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A magic square (of order 3) is a 3x3 matrix consisting of distinct numbers from 1 to 9, where the numbers in each row, column and diagonal add up to 15.

For example, the following would be a magic square:

A magic square (Source: Wikipedia)

The problem is to construct a magic square that has the position of the number 8 fixed.

A magic square with the position of 8 fixed

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As Kendall mentions, it is impossible to move pieces out of a 3x3 grid in this manner. This is called the Lo Shu square, and is the only unique solution to the 3x3 magic grid puzzle.

The reason for this is actually rather simple. If you look at the Lo Shu square, you'll notice that the even numbers always appear in corners. To demonstrate why this would be, note that each row and column must sum to an odd number.

If a row contains an even number of odd numbers, then its solution is either $2(2N+1)+2N=6N+2$ or $3(2N)=6N$, both of which are divisible by two, and therefore cannot add to 15. If a row contains an odd number of odd numbers, then its solution is either $1(2N+1)+2(2N)=6N+1$ or $3(2N+1)=6N+3$, both of which are odd and therefore can equal 15.

This means that each row must contain and odd number of odd numbers. In a 3x3 grid, a row must contain either 1 or 3 odd numbers.

If the center contains an odd number, then two adjacent edges must contain an odd number. However, if two edges contain even numbers, then the corner between them must contain an even. However, if this is the case, the opposing diagonal must also contain two even numbers - but at this point, if it does, then a row contains three even numbers.

In the following grid, it is clear that the question marks indicate positions that must be, but can't be, even.

----------    ----------    ----------
|  |  |  |    |  |EE|  |    |EE|EE|??|
----------    ----------    ----------
|  |EE|  | -> |EE|EE|  | -> |EE|EE|  |
----------    ----------    ----------
|  |  |  |    |  |  |  |    |??|  |  |
----------    ----------    ----------

It is trivial from this point to demonstrate that if there is an even number on an edge, then the grid is unsolvable. It is also trivial to demonstrate that if one even number is in a corner, the rest must be.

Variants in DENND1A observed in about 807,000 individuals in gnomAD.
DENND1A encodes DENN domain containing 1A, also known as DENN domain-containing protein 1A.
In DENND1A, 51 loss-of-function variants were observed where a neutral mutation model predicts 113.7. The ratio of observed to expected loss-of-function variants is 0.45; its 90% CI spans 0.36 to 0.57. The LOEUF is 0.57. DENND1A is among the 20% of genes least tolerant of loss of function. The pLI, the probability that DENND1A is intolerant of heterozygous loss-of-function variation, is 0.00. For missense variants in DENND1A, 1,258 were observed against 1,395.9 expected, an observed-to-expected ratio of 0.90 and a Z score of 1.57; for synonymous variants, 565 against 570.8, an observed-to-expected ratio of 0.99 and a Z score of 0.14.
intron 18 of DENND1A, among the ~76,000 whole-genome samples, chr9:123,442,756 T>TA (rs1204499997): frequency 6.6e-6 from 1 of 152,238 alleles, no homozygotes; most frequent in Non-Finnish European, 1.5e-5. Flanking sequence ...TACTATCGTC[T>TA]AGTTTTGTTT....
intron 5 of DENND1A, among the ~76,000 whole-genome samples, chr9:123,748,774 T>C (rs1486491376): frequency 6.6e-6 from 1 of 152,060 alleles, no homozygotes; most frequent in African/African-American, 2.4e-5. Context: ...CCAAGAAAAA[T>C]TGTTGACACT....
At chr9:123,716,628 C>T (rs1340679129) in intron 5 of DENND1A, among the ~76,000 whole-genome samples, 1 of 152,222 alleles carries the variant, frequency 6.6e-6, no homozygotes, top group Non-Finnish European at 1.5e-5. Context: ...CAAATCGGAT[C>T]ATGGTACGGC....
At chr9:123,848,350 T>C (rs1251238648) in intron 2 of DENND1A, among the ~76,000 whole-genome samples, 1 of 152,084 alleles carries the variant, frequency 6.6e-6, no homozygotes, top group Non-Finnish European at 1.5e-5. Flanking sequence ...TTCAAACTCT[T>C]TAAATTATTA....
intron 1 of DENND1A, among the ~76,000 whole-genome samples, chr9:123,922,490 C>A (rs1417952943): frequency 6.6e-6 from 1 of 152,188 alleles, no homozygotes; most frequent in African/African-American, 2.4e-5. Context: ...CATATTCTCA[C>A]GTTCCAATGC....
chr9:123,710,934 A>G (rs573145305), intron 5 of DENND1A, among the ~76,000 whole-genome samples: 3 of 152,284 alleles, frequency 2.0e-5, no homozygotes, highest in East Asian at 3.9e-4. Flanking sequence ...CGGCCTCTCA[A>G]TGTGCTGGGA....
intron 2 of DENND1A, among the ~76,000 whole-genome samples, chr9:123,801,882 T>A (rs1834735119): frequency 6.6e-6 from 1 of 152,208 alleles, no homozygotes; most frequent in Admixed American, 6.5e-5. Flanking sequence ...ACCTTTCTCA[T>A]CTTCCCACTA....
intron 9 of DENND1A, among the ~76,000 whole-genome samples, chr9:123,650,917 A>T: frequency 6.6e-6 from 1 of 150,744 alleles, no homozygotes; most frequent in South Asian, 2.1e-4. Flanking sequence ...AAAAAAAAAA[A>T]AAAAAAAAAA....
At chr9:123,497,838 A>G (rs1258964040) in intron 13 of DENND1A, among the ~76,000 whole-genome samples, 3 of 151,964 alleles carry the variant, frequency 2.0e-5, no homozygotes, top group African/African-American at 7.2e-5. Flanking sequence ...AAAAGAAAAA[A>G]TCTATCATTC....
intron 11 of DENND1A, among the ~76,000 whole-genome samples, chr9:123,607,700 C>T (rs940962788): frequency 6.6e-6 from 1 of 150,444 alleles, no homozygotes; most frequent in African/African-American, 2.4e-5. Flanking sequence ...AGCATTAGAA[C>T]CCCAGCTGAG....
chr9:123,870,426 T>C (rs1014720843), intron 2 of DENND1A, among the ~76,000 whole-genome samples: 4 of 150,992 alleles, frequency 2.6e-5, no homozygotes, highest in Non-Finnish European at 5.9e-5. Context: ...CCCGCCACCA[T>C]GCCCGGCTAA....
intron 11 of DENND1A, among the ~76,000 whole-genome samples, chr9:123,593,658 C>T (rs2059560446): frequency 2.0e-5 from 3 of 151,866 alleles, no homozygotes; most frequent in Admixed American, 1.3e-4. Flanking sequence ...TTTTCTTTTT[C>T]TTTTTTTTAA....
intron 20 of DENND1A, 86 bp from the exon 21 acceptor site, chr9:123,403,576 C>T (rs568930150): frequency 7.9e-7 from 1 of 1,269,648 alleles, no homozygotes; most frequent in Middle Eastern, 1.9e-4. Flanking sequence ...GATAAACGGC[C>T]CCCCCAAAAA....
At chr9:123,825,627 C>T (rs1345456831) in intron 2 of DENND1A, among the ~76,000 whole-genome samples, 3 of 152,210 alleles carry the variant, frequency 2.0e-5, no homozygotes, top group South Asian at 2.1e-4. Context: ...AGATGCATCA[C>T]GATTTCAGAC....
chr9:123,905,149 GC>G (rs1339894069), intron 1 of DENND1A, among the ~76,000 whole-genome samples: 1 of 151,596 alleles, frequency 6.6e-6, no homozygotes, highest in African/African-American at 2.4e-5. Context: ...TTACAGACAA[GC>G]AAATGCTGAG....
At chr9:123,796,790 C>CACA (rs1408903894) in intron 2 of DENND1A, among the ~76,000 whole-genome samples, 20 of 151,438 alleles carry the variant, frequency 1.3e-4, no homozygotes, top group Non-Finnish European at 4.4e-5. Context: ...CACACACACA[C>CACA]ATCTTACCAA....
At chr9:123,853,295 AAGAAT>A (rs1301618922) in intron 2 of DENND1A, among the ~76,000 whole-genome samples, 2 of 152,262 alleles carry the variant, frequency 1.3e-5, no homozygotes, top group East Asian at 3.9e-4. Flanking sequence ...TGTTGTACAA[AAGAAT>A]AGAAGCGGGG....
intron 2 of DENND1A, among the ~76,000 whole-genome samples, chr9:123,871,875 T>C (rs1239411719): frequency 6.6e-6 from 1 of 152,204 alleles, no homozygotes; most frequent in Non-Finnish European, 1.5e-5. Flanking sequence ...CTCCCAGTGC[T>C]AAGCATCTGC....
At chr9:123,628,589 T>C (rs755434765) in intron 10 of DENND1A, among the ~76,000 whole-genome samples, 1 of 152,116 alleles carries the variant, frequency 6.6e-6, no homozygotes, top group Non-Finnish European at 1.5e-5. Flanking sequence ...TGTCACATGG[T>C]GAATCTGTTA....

Therefore, every solution is the permutation of one solution: where the even numbers are in the corners; and if the even numbers are in the corners, then their positions are irrelevant, because a solution will always be a reflection of that position.

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Every normal magic square of order three is obtained from the Lo Shu by rotation or reflection.

From Wikipedia: Lo Shu Square

Since rotation and reflection cannot move the 8 out of a corner, such a square is impossible.

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According to Kendall and others, the puzzle isn't solvable for integers. This can be proved using the Lo Shu Square.

But the problem statement says "A magic square (of order 3) is a 3x3 matrix consisting of distinct numbers from 1 to 9", and doesn't explicitly specify integers, a solution with real numbers could be obtained.

Here's one:

+---+---+---+
|4.5| 8 |2.5|
+---+---+---+
| 3 | 7 | 5 |
+---+---+---+
|7.5| 2 |5.5|
+---+---+---+

I'd have used complex numbers, but the condition "numbers must be from 1 to 9" restricts it to real numbers.

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    $\begingroup$ But it doesn't restrict the complex axis! $\endgroup$ – Aza May 15 '14 at 19:21
  • $\begingroup$ How would you decide if a complex number is between 1 and 9? One can't compare complex numbers. $\endgroup$ – John Bupit May 15 '14 at 19:29
  • $\begingroup$ I know, I was just poking fun at you for working around the problem :P The complex numbers would need to add to zero, anyway. $\endgroup$ – Aza May 15 '14 at 19:33
  • $\begingroup$ Yeah, just like the fractions need to add upto an integer. I would have tried something like 5+i 8 2-i for the first row... and so on. Also, @downvoter could I get a reason for the downvote. $\endgroup$ – John Bupit May 15 '14 at 19:38
  • $\begingroup$ Yeah, pretty much. And, my guess is that the downvoter feels this doesn't honor the spirit of the question. $\endgroup$ – Aza May 15 '14 at 19:40
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Here's an intuitive explanation: let's set the squares to the things we know:

? 8 ?
? 5 ?
? ? ?

We can figure out the bottom one now, since 15-8-5=2:

? 8 ?
? 5 ?
? 2 ?

The other two numbers on the bottom row now must add up to 13, which can only be 9/4 or 7/6. Now let's split this up into those two cases.

Case 1 (9/4)

? 8 ?
? 5 ?
9 2 4

Note that the top right square has to be 1, and the top left 6 (using the diagonals).

6 8 1
? 5 ?
9 2 4

Now let's use the columns to fill in the rest:

6 8 1
1 5 10
9 2 4

... notice a problem?

Case 2 (7/6)

? 8 ?
? 5 ?
7 2 6

Fill in the corners as before:

4 8 3
? 5 ?
7 2 6

And the edges:

4 8 3
4 5 6
7 2 6

This one doesn't work either. So, we've proved that this is impossible!

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    $\begingroup$ I typed this all on a mobile device. Please help my fingers :-( $\endgroup$ – Doorknob May 15 '14 at 17:09
  • 1
    $\begingroup$ Ow. Ow. Pain. Firey, burning pain. Wouldst thou like ice? $\endgroup$ – Aza May 15 '14 at 17:21
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    $\begingroup$ I don't know how you concluded that the center square must be 5. (It is, obviously, but that step is missing from this answer) $\endgroup$ – trentcl Aug 22 '16 at 15:42

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